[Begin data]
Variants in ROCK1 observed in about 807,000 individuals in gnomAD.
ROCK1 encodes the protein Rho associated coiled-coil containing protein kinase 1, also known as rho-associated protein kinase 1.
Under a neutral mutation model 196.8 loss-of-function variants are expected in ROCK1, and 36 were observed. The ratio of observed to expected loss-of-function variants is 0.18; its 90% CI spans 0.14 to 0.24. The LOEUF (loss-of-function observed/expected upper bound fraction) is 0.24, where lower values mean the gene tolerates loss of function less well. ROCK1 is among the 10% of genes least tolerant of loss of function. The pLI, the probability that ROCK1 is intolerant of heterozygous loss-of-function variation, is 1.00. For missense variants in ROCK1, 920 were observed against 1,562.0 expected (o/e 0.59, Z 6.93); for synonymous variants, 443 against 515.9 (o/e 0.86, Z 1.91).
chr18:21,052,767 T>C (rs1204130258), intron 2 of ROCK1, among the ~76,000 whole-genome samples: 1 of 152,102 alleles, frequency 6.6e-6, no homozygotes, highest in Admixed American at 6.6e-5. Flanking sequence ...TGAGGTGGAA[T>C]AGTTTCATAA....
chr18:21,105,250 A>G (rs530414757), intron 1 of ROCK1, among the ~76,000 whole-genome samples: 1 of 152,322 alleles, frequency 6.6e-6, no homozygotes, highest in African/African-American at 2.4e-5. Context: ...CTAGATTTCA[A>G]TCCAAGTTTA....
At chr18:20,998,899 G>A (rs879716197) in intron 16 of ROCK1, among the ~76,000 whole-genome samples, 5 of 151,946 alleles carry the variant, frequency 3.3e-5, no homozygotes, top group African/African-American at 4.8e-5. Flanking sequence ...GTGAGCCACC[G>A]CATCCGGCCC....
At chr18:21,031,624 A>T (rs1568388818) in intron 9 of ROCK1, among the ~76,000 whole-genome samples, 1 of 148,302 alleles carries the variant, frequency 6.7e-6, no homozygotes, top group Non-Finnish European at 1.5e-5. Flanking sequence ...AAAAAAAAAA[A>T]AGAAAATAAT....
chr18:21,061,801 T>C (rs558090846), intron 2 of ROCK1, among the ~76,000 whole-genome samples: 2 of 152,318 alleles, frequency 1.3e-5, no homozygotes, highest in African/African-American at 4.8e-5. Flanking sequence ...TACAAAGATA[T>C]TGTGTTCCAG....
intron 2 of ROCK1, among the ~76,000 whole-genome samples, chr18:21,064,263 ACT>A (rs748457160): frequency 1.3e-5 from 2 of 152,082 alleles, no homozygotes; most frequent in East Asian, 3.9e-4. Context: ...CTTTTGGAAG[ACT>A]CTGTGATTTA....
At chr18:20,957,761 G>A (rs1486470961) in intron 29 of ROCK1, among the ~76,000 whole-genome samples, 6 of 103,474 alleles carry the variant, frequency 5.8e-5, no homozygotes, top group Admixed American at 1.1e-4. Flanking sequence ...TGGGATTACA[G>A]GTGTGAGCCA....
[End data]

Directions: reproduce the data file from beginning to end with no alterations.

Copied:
Variants in ROCK1 observed in about 807,000 individuals in gnomAD.
ROCK1 encodes the protein Rho associated coiled-coil containing protein kinase 1, also known as rho-associated protein kinase 1.
Under a neutral mutation model 196.8 loss-of-function variants are expected in ROCK1, and 36 were observed. The ratio of observed to expected loss-of-function variants is 0.18; its 90% CI spans 0.14 to 0.24. The LOEUF (loss-of-function observed/expected upper bound fraction) is 0.24, where lower values mean the gene tolerates loss of function less well. ROCK1 is among the 10% of genes least tolerant of loss of function. The pLI, the probability that ROCK1 is intolerant of heterozygous loss-of-function variation, is 1.00. For missense variants in ROCK1, 920 were observed against 1,562.0 expected (o/e 0.59, Z 6.93); for synonymous variants, 443 against 515.9 (o/e 0.86, Z 1.91).
chr18:21,052,767 T>C (rs1204130258), intron 2 of ROCK1, among the ~76,000 whole-genome samples: 1 of 152,102 alleles, frequency 6.6e-6, no homozygotes, highest in Admixed American at 6.6e-5. Flanking sequence ...TGAGGTGGAA[T>C]AGTTTCATAA....
chr18:21,105,250 A>G (rs530414757), intron 1 of ROCK1, among the ~76,000 whole-genome samples: 1 of 152,322 alleles, frequency 6.6e-6, no homozygotes, highest in African/African-American at 2.4e-5. Context: ...CTAGATTTCA[A>G]TCCAAGTTTA....
At chr18:20,998,899 G>A (rs879716197) in intron 16 of ROCK1, among the ~76,000 whole-genome samples, 5 of 151,946 alleles carry the variant, frequency 3.3e-5, no homozygotes, top group African/African-American at 4.8e-5. Flanking sequence ...GTGAGCCACC[G>A]CATCCGGCCC....
At chr18:21,031,624 A>T (rs1568388818) in intron 9 of ROCK1, among the ~76,000 whole-genome samples, 1 of 148,302 alleles carries the variant, frequency 6.7e-6, no homozygotes, top group Non-Finnish European at 1.5e-5. Flanking sequence ...AAAAAAAAAA[A>T]AGAAAATAAT....
chr18:21,061,801 T>C (rs558090846), intron 2 of ROCK1, among the ~76,000 whole-genome samples: 2 of 152,318 alleles, frequency 1.3e-5, no homozygotes, highest in African/African-American at 4.8e-5. Flanking sequence ...TACAAAGATA[T>C]TGTGTTCCAG....
intron 2 of ROCK1, among the ~76,000 whole-genome samples, chr18:21,064,263 ACT>A (rs748457160): frequency 1.3e-5 from 2 of 152,082 alleles, no homozygotes; most frequent in East Asian, 3.9e-4. Context: ...CTTTTGGAAG[ACT>A]CTGTGATTTA....
At chr18:20,957,761 G>A (rs1486470961) in intron 29 of ROCK1, among the ~76,000 whole-genome samples, 6 of 103,474 alleles carry the variant, frequency 5.8e-5, no homozygotes, top group Admixed American at 1.1e-4. Flanking sequence ...TGGGATTACA[G>A]GTGTGAGCCA....